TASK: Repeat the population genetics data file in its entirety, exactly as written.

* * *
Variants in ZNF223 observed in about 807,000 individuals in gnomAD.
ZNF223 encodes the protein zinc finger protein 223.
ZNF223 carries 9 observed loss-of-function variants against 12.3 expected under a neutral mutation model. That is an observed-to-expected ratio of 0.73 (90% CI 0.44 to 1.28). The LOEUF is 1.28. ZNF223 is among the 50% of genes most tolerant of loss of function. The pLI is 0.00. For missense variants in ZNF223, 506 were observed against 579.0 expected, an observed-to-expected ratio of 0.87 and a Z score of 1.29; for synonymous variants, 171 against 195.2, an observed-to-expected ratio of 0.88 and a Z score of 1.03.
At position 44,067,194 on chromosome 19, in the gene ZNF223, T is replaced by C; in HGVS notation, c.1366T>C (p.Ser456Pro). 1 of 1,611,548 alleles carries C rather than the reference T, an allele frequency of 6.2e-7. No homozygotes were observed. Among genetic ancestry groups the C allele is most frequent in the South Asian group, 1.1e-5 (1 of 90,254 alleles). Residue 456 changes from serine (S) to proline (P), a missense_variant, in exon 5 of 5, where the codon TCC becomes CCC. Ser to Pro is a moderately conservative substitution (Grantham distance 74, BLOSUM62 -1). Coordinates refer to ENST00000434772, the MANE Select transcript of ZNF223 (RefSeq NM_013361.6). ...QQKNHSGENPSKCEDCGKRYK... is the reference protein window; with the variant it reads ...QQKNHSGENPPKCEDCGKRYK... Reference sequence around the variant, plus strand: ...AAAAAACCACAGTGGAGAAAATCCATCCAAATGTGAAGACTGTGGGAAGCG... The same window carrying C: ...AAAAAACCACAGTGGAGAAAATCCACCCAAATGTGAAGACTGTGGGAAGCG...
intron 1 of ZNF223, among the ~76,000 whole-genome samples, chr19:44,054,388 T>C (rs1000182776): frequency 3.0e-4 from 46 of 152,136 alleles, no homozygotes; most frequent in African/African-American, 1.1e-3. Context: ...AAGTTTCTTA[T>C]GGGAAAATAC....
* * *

Variants in ZNF223 observed in about 807,000 individuals in gnomAD.
ZNF223 encodes the protein zinc finger protein 223.
ZNF223 carries 9 observed loss-of-function variants against 12.3 expected under a neutral mutation model. That is an observed-to-expected ratio of 0.73 (90% CI 0.44 to 1.28). The LOEUF is 1.28. ZNF223 is among the 50% of genes most tolerant of loss of function. The pLI is 0.00. For missense variants in ZNF223, 506 were observed against 579.0 expected, an observed-to-expected ratio of 0.87 and a Z score of 1.29; for synonymous variants, 171 against 195.2, an observed-to-expected ratio of 0.88 and a Z score of 1.03.
At position 44,067,194 on chromosome 19, in the gene ZNF223, T is replaced by C; in HGVS notation, c.1366T>C (p.Ser456Pro). 1 of 1,611,548 alleles carries C rather than the reference T, an allele frequency of 6.2e-7. No homozygotes were observed. Among genetic ancestry groups the C allele is most frequent in the South Asian group, 1.1e-5 (1 of 90,254 alleles). Residue 456 changes from serine (S) to proline (P), a missense_variant, in exon 5 of 5, where the codon TCC becomes CCC. Ser to Pro is a moderately conservative substitution (Grantham distance 74, BLOSUM62 -1). Coordinates refer to ENST00000434772, the MANE Select transcript of ZNF223 (RefSeq NM_013361.6). ...QQKNHSGENPSKCEDCGKRYK... is the reference protein window; with the variant it reads ...QQKNHSGENPPKCEDCGKRYK... Reference sequence around the variant, plus strand: ...AAAAAACCACAGTGGAGAAAATCCATCCAAATGTGAAGACTGTGGGAAGCG... The same window carrying C: ...AAAAAACCACAGTGGAGAAAATCCACCCAAATGTGAAGACTGTGGGAAGCG...
intron 1 of ZNF223, among the ~76,000 whole-genome samples, chr19:44,054,388 T>C (rs1000182776): frequency 3.0e-4 from 46 of 152,136 alleles, no homozygotes; most frequent in African/African-American, 1.1e-3. Context: ...AAGTTTCTTA[T>C]GGGAAAATAC....